Welcome to college: the socially preapproved time to define yourself! Lucky for you, you've landed in Seattle where you can execute your identity construction in one of the city's many thrift emporiums and well-stocked vintage shops.

University District

Here's how to blow an afternoon trawling the Ave (what locals call University Way), the city's best stretch of affordable secondhand clothes:

Start at Valley of Roses (4748 University Way NE), a calm hippie oasis with racks of silk pajama tops, military jackets, and gorgeous hand-tooled leather bags. Grab a pot of locally made lip balm for $4. A few doors down, Lucky Vintage (4742 University Way NE, luckyvintageseattle.com) has a happy Americana vibe, with cowboy boots and racks of big skirts, plaid button-ups, and ugly-cool sweaters.

The enormous Red Light (4560 University Way NE, redlightvintage.com) is a vintage institution in Seattle and has abundant and adventurous clothes, as well as Halloween essentials—wigs, decorative eyelashes, and fishnet stockings. Sale merch is in the back.

Do I need to explain Goodwill to you? This compact branch (4552 University Way NE, seattlegoodwill.org) has vintage, plus-size, and costume stuff upstairs.

Beside the University Book Store, Buffalo Exchange (4530 University Way NE, buffaloexchange.com) has both vintage and contemporary clothing in its massive fluorescent-lit space, which includes an entire wall of shoes and boots. Crossroads Trading Co. (4300 University Way NE, crossroadstrading.com) is the place to find last year's Anthropologie or J.Crew. Pricier designer finds are up high on the wall.

Capitol Hill

I have better-than-average luck at the neighborhood Goodwill (115 Belmont Ave E). There is a large "Fashion Focus" section at the front with well-known labels, while the vintage racks in the back corner offer cooler finds. Downstairs you'll find a packed housewares section for furnishing your place.

The huge Lifelong Thrift (312 Broadway E, lifelongaidsalliance.org) presides over Broadway with two floors of finds. Upstairs are the clothes, including a good selection of coats. Downstairs are dishes, books, and weird shit, like creepy dolls. Check the colorful tags for daily deals. There's a Crossroads (325 Broadway E) across the street.

For a little more ramen money, visit the gallery-esque Revival (233 Broadway E, revivalshopseattle.com), which sells new and vintage clothes with an eye to current fashion. Down at the tiny, excellent Indian Summer (534 Summit Ave E), owner Adria Garcia has an artist's eye for the unusual and stocks reasonably priced gems in a wide range of sizes. (Check the $10 rack out front.) If you're unsure how to style that silk jacket with the embroidered shoulders, the friendly staff has lots of ideas.

Fremont and Ballard

A stroll through the Fremont Sunday Market (fremontmarket.com) lets you examine the offerings of a range of vintage vendors. On a recent visit, I found '90s floral dresses and oversize denim jackets with faux-sheepskin lining. Five dollar racks and bins abound. The garage area is a trove of vintage tees, $20 Levi's and $5 bags of cheapie baubles.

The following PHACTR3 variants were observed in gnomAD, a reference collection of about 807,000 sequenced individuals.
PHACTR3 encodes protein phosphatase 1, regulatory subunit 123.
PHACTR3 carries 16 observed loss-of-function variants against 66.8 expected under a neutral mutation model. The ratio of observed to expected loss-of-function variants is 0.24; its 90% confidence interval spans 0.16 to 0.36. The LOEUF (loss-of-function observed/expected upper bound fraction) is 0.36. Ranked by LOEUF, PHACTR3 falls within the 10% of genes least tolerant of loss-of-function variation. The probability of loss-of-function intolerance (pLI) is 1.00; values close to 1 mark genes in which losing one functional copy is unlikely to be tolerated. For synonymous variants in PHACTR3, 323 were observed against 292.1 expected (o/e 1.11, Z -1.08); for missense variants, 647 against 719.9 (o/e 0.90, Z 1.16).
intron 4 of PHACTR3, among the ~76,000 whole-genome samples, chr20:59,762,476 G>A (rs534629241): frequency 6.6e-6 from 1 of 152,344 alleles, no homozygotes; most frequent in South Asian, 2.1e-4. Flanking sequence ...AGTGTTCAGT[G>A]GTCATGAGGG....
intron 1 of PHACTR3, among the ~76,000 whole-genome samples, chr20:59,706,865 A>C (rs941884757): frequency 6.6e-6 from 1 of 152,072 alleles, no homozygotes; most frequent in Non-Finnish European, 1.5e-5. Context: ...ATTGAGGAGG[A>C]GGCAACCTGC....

Budgeteers should make the trek to the Ballard Goodwill (6400 Eighth Ave NW) where the acres of clothing, shoes, and housewares means an excellent chance of thrift success. (And there always seems to be bags of brand-new socks. Score!). From there, make your way to the gigantic Value Village in Crown Hill (8532 15th Ave NW, valuevillage.com) for another big dig.

Lorded over by Frank the bulldog, Lucky Dog Clothing (8201 Greenwood Ave N, luckydog.clothing) in Greenwood traffics almost exclusively in men's hiphop-meets-prep style. This is the place to find old Sonics jerseys, crisp Ralph Lauren button-downs, or a North Face warm-up jacket.


These are just warm-ups, though, for the thrifting mothership: the main Seattle Goodwill (1400 S Lane St) near the International District. Set aside at least two hours to sift through this endless sea of clothing, housewares, furniture, books, and old guitars. Hardcore diggers can venture into Sodo to sort through the by-the-pound bins at the Goodwill Outlet (1765 Sixth Ave S). Wear gloves.

Field trip idea: Befriend a car-having person and head south to Burien, where you can spend the day picking through a Goodwill (1031 SW 128th St), a Value Village (131 SW 157th St), and the independently-owned Frenzi (218 SW 153rd St), which packs a surprisingly large amount of merch into a small footprint. Or go north and hit the Value Village in Lake City (131 SW 157th St) before moving on to the vast jumble of Deseret Industries (17935 Aurora Ave N, deseretindustries.org), a Mormon thrift store in Shoreline, where the goods are less likely to be picked over and you can have the satisfaction of knowing you worked just a little harder than everyone else to forge your look.